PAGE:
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12:29 AM
I am likely doing something wrong. Not sure where though. Writing down the law of cosines for the sides (in original notation) $a$ and $b$, we get two equations. Subtracting them and simplifying yields $a^2-b^2=c(a\sin(x)-b\sin(y))$. But the law of sines gives $b\sin(y)=a\sin(x)$ so im getting $a^2=b^2$.

12:39 AM
How did you get the sin in the law of cosines?

oh obviously, i forgot to go back to angles $x$ and $y$ after messing with $\pi/2-x$ and $\pi/2-y$ in the formulas for $E_A$ and $E_B$

Oh, $x$ and $y$ are not given fixed quantities. I was confused about the problem

Oh don't say that, everyone makes small mistakes xd

but $c$ is a known fixed quantity?

yes

12:45 AM
yeah $c$ is known as well as the quantities $E_A=\frac{I\sin(x)}{a^2}$ and $E_B=\frac{I\sin(y)}{b^2}$ but $I$ is not known.

12:56 AM
imgur.com/a/XTcPZEj Tricky problem
Is there even a tool to determine if this has solutions like in linear systems the rank of a matrix?

may i recommend a mechanical pencil
0.3 mm
i'd be tempted to try it out with various parameters plugged in as numbers and see if a computer can take it the rest of the way

1:12 AM
The highest degree should be 4, so we have now sin(x) and sin(x+y) but my god that has to be ugly

it seems like it should be easier than im finding it. i am trying to write down algebraic equations that the unknowns must satisfy and then maybe we would try a dimension argument/heuristic. mathematica probably could do this but im a little stubborn ha. Unfortunately, im getting degree 4 stuff (which is not so nice to work with).

What is a good way to numerically test if a distribution is a good fit for a data sample?

@Quin Should I make a post for this problem? Maybe someone will find a nicer solution. On the one hand now we now that at least this is doable, but on the other 4th degree roots are very nasty.

sure! (idk what should/shouldnt be asked) but i dont see the harm in it. just make sure to clearly explain the prob. and show what you've done

Will my notes suffice? Writing this into latex will take forever

1:23 AM
actually, hold on a sec, i think ive been overlooking something. also, typically you would want to write into latex (annoying, yes, but many people wont read it otherwise)
I think that we should be able to set $I=1$ or something and just assume that it is constant. Then we can write $a^4E_A^2=\sin^2(x)=1-\cos^2(x)$ just right off the bat. Using the law of cosines twice (as before) adding and subtracting the expressions obtained for $a^2$ and $b^2$ I think we should end up getting $\frac{\cos(x)}{a}=\frac{\cos(y)}{b}=\frac{1}{c}$. Using this, we can write $a^4E_A^2=1-\frac{a^2}{c^2}$ and use the quadratic formula on $a^2$ to determine $a$.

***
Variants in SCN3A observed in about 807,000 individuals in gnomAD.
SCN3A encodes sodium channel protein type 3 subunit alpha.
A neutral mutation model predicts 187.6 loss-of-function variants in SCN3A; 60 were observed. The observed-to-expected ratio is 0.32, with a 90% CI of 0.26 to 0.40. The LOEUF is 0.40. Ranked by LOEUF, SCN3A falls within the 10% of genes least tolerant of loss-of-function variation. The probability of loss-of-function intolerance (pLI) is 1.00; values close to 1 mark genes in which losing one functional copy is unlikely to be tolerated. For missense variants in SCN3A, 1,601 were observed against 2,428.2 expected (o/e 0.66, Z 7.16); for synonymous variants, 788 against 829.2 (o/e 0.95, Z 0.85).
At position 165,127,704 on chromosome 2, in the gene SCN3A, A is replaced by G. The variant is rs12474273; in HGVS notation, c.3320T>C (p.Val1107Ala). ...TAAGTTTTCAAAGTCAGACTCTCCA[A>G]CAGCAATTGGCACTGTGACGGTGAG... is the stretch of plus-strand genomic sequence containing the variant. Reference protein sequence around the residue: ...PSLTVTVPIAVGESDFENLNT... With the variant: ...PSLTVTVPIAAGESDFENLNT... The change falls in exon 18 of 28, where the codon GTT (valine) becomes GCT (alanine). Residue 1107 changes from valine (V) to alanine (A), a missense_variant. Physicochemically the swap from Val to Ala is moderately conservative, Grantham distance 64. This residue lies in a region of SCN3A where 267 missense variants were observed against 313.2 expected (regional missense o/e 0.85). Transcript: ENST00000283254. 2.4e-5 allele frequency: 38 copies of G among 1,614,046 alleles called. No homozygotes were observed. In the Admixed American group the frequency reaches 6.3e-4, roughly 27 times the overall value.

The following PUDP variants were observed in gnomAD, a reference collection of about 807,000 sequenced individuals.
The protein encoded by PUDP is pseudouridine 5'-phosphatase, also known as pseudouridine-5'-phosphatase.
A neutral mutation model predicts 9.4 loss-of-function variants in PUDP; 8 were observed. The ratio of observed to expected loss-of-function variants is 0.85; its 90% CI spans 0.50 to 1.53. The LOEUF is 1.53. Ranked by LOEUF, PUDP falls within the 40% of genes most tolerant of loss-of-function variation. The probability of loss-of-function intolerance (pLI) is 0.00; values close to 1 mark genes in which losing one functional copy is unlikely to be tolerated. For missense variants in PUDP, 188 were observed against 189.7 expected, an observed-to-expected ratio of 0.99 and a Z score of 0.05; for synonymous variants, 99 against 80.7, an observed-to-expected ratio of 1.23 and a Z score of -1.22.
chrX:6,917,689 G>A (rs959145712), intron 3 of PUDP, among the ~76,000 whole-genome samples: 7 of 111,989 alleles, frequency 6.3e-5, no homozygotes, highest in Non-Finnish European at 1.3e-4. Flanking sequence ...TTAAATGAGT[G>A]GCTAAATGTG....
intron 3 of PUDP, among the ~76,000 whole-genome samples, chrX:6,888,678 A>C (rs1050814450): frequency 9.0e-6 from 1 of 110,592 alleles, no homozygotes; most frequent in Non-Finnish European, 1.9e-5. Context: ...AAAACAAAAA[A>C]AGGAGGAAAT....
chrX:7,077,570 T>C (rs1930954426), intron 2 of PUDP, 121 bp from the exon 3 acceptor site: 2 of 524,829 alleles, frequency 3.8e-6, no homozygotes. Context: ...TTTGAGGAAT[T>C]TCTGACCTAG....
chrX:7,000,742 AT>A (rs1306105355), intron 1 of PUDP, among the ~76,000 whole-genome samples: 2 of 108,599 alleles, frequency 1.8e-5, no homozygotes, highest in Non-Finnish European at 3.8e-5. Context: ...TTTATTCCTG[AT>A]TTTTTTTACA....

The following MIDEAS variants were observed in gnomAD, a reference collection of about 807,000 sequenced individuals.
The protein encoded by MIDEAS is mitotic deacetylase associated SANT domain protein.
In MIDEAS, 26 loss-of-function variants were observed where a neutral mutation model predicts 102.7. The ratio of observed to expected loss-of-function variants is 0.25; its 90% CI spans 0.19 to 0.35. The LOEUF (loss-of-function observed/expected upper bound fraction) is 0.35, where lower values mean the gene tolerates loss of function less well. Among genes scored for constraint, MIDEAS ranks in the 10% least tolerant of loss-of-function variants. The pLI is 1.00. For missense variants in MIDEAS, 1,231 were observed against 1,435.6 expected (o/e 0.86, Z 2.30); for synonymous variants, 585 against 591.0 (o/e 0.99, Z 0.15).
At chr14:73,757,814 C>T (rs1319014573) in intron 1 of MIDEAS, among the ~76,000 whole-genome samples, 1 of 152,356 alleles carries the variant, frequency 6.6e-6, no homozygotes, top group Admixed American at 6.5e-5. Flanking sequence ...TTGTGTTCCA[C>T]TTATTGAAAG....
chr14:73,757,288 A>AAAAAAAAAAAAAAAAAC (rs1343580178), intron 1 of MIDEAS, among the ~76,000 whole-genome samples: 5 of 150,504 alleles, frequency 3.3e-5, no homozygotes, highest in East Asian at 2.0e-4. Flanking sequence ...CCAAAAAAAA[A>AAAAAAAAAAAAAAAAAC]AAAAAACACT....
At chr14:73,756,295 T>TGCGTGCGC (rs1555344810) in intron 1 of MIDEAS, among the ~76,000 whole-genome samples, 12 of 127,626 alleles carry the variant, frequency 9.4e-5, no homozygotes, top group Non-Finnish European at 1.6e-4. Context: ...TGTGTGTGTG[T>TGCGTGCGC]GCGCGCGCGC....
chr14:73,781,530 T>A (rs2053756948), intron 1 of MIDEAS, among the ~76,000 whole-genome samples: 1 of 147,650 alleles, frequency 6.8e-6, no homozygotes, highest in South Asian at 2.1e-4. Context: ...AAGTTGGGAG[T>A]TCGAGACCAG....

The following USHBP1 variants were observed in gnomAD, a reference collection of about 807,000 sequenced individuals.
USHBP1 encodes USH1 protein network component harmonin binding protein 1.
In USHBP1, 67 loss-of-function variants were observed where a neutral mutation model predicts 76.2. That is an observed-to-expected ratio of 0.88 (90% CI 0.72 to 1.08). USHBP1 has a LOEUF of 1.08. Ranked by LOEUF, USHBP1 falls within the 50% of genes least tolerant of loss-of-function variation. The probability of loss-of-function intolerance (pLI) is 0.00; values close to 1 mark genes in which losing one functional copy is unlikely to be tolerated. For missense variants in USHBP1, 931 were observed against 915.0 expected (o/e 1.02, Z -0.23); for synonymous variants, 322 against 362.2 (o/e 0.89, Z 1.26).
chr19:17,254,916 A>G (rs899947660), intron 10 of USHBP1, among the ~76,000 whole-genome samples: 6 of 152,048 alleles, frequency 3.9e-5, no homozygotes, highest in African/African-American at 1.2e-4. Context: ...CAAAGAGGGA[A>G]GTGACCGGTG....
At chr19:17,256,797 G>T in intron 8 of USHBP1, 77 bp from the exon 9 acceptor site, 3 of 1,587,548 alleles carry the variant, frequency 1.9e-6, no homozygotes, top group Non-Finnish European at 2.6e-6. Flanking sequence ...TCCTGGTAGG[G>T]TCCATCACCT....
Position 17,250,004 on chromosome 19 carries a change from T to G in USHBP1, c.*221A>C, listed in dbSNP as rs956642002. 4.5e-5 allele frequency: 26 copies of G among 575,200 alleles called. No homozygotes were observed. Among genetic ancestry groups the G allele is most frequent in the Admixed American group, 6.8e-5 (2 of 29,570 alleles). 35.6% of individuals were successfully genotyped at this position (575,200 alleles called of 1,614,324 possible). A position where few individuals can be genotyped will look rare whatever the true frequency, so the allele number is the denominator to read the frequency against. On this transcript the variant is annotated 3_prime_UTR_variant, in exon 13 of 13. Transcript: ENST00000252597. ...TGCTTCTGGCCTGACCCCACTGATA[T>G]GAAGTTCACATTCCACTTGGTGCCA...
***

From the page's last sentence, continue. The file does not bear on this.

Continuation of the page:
We should then be able to repeat for $b$.

Hmmm, I'm thinking about the validity of setting I to a known constant.

its a light source, right? i think its reasonable to assume that it doesnt change its luminosity as you move it around. i could def be wrong with this so worth the think. i would also check the above stuff i said as ive been known to make a mistake or two (or three)
either way, if we dont set it to a constant, the above should produce expressions for $a$ and $b$ in terms of $I$

Where do you see I in your $$a^4(E_A)^2$$ expression?

if you included $I$, it would become $\frac{a^4E_A^2}{I^2}$

But that's the problem, I isn't known :((

1:38 AM
yeah, im not sure then. unfortunately i have to run but what I would try next is finding $a$ and $b$ in this way and seeing if there was some way to maybe take a quotient or some other expression to try to eliminate $I$. (also my brain is still fried!). Best of luck!

I'm trying to formulate the triangle problem in vectors to see if that helps at all. Prob not :)
cya quin

1:56 AM
there really needs to be some sort of white board thing here.

2:12 AM
Here's the triangle problem post I made for anyone curious math.stackexchange.com/questions/4130116/…

2:30 AM
@robjohn bah! I was so close, sorry for the slow follow up. Before I cheated I had noticed a binomial like expression pop up in my attemp. Sadly I didnt follow through.
@user379685 i dont have a solution but that looks like fun!

3:10 AM
@copper.hat You installing for us?

@TedShifrin installing?

The white boards?

:-).

Finally found it: the beard emoji
。(⌒෴⌒。)

3:40 AM
Happy almost birthday, @robjohn.

Happy birthday!

3:59 AM
happy birthday or amost birthday!

1 hour later…
5:23 AM
i know this must have a good answer, if I have a bunch of relations $c_1 - c_2 - c_4 = 0$, $-c_1 + c_3 - c_5 = 0$, etc, where the $c_i$ are integers, and I want to recover a generating set of relations , how can I do so?